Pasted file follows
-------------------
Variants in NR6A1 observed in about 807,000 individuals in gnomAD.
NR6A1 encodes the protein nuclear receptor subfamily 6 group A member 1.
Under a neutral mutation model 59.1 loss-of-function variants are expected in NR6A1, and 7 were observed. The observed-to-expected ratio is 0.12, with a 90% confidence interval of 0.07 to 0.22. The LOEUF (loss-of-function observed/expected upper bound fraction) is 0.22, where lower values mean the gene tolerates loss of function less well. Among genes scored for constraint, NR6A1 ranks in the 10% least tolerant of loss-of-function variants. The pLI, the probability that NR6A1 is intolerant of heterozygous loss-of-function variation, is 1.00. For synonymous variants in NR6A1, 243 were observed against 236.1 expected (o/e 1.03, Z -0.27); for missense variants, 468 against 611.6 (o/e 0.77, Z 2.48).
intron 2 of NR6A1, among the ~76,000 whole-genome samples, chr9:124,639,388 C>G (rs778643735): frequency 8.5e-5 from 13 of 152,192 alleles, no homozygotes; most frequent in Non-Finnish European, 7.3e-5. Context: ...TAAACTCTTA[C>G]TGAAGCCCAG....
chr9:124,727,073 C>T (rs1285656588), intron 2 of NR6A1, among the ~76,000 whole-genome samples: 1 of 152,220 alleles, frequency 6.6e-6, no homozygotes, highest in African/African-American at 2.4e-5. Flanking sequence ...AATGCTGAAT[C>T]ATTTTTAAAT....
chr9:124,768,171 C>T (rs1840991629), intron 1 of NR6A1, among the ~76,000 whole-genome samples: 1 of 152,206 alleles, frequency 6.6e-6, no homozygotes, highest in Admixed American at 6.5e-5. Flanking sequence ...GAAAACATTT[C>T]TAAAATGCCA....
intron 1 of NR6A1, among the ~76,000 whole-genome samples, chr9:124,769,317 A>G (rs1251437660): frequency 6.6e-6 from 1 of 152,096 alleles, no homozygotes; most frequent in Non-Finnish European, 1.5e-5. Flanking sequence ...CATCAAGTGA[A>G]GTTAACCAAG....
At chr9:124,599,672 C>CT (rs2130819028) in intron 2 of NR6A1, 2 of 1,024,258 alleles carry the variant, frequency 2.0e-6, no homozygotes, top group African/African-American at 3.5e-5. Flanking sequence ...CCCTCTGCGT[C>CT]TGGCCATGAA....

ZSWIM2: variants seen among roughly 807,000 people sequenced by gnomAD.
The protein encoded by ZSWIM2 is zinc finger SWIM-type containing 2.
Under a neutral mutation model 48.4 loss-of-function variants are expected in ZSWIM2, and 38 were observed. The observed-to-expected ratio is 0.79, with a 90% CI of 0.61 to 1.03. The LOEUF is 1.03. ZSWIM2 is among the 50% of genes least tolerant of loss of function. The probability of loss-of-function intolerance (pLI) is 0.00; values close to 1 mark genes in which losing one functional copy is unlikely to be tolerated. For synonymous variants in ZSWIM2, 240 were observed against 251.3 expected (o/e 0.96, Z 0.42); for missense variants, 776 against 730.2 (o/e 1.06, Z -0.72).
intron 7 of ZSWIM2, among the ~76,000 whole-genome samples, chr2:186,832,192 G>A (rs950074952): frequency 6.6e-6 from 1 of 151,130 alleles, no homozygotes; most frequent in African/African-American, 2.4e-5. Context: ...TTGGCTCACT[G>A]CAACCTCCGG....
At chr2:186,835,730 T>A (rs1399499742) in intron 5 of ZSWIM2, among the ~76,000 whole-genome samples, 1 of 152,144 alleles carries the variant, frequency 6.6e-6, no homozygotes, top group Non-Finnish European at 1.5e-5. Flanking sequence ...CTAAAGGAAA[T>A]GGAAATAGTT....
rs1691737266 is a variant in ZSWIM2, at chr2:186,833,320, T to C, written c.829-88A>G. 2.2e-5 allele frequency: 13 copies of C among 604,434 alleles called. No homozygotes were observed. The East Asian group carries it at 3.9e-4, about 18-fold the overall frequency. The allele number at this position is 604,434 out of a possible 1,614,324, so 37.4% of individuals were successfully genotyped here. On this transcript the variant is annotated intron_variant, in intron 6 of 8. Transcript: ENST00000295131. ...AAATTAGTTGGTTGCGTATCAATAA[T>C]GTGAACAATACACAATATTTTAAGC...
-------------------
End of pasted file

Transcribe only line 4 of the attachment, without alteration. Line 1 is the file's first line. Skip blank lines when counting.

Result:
intron 2 of NR6A1, among the ~76,000 whole-genome samples, chr9:124,639,388 C>G (rs778643735): frequency 8.5e-5 from 13 of 152,192 alleles, no homozygotes; most frequent in Non-Finnish European, 7.3e-5. Context: ...TAAACTCTTA[C>G]TGAAGCCCAG....